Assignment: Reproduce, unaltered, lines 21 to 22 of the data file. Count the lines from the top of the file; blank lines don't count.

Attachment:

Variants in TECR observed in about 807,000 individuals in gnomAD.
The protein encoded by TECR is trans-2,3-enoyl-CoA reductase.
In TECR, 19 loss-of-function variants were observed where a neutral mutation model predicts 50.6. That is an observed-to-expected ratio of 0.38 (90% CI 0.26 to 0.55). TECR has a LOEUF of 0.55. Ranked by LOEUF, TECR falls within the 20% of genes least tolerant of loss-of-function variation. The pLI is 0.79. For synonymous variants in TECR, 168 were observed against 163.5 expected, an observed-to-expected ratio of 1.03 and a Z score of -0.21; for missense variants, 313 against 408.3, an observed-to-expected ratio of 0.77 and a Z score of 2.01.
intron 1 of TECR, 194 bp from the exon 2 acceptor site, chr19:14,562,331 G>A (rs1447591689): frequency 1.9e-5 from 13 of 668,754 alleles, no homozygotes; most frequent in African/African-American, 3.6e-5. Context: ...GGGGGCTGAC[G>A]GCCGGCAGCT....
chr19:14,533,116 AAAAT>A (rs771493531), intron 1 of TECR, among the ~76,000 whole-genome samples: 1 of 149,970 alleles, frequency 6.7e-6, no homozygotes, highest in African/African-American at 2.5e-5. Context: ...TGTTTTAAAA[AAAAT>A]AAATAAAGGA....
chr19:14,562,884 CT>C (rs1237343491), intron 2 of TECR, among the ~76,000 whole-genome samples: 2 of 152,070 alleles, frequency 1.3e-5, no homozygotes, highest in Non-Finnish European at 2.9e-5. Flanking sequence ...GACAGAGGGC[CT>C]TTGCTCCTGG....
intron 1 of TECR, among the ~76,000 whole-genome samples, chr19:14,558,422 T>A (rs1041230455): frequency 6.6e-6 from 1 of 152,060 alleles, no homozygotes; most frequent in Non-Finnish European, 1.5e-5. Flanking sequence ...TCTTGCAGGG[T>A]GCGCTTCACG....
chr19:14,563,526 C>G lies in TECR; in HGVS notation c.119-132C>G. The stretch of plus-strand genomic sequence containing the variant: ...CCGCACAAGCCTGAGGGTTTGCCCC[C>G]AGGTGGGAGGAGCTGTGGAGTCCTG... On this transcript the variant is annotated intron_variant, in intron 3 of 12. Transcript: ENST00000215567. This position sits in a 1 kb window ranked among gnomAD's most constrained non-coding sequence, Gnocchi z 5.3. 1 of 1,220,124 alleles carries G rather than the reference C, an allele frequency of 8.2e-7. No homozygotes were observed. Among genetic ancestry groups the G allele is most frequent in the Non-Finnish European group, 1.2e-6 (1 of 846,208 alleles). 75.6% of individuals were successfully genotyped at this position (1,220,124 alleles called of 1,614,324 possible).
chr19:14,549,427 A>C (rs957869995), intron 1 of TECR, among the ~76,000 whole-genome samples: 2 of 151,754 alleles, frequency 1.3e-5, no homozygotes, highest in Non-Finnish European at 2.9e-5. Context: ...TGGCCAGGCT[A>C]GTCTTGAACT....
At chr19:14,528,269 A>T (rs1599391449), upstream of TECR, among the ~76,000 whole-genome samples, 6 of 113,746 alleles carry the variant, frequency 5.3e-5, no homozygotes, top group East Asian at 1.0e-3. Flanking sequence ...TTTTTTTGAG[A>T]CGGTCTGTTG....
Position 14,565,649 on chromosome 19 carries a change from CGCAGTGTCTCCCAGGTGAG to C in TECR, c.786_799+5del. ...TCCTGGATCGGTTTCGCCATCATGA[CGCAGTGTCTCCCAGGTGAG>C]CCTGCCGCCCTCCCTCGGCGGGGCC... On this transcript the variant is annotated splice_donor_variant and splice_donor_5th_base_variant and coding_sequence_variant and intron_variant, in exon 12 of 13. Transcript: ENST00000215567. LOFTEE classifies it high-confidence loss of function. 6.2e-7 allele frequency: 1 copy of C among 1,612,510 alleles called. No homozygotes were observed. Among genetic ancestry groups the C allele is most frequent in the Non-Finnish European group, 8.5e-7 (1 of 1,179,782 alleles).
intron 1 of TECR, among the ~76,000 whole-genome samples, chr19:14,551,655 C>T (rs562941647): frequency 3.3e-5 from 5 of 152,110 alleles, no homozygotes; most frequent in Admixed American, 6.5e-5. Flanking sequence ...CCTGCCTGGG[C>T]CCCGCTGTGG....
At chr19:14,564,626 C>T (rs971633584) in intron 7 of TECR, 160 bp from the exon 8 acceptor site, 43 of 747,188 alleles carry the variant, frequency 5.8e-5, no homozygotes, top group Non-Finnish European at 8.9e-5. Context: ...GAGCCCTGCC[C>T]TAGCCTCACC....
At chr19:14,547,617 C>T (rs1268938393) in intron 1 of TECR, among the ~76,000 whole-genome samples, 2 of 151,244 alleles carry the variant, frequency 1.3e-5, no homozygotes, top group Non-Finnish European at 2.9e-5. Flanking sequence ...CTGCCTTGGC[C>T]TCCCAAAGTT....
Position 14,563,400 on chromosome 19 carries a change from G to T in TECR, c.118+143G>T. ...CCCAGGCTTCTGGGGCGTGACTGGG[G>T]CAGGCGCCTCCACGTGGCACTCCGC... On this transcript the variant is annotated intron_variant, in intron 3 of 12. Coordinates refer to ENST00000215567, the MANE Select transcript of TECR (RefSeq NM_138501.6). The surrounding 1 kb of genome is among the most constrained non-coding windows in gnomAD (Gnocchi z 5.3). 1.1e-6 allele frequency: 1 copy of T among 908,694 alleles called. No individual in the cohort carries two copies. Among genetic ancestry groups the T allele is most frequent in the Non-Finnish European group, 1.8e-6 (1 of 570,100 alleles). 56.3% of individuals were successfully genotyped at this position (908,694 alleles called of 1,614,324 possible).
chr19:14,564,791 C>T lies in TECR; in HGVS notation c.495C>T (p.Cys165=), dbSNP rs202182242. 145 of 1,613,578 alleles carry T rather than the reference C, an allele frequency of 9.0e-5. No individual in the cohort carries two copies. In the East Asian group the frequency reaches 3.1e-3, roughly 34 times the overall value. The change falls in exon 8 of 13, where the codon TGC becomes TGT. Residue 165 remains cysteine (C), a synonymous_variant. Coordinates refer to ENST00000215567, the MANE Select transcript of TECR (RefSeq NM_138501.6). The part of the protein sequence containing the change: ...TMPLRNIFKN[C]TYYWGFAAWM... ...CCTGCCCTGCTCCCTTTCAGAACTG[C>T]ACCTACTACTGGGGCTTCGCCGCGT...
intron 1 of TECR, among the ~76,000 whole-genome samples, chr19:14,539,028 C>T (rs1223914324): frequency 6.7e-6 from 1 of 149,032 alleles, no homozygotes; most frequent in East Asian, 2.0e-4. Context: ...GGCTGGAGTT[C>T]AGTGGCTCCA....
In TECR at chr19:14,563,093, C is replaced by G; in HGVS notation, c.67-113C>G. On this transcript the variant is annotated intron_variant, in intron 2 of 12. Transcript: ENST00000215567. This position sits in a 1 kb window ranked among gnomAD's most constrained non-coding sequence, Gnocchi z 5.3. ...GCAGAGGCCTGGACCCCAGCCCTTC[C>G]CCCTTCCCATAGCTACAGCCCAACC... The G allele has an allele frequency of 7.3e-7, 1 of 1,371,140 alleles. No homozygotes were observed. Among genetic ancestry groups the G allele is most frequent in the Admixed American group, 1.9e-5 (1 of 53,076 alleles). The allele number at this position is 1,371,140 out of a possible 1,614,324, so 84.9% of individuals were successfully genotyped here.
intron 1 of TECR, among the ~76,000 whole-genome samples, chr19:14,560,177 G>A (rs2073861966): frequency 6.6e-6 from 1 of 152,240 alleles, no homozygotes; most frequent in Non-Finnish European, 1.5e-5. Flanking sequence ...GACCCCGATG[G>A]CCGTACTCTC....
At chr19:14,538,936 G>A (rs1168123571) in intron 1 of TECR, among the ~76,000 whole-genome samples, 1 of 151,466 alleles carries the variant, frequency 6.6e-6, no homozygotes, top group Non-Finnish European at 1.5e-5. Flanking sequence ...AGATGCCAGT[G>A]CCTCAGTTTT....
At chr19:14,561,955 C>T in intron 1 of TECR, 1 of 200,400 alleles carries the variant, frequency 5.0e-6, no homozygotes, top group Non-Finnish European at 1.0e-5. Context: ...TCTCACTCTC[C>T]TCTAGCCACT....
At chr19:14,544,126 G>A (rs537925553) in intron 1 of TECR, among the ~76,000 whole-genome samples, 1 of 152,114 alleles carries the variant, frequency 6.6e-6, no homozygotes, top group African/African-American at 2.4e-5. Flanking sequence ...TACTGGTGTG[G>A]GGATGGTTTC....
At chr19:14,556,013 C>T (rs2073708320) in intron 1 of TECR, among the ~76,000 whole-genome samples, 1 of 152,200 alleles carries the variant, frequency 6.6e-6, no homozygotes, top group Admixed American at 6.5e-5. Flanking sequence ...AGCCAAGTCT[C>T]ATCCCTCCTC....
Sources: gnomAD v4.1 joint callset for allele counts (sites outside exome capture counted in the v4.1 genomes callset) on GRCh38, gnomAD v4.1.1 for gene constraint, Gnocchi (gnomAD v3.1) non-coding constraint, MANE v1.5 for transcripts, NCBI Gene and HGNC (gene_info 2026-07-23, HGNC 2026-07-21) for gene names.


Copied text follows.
At chr19:14,561,955 C>T in intron 1 of TECR, 1 of 200,400 alleles carries the variant, frequency 5.0e-6, no homozygotes, top group Non-Finnish European at 1.0e-5. Context: ...TCTCACTCTC[C>T]TCTAGCCACT....
At chr19:14,544,126 G>A (rs537925553) in intron 1 of TECR, among the ~76,000 whole-genome samples, 1 of 152,114 alleles carries the variant, frequency 6.6e-6, no homozygotes, top group African/African-American at 2.4e-5. Flanking sequence ...TACTGGTGTG[G>A]GGATGGTTTC....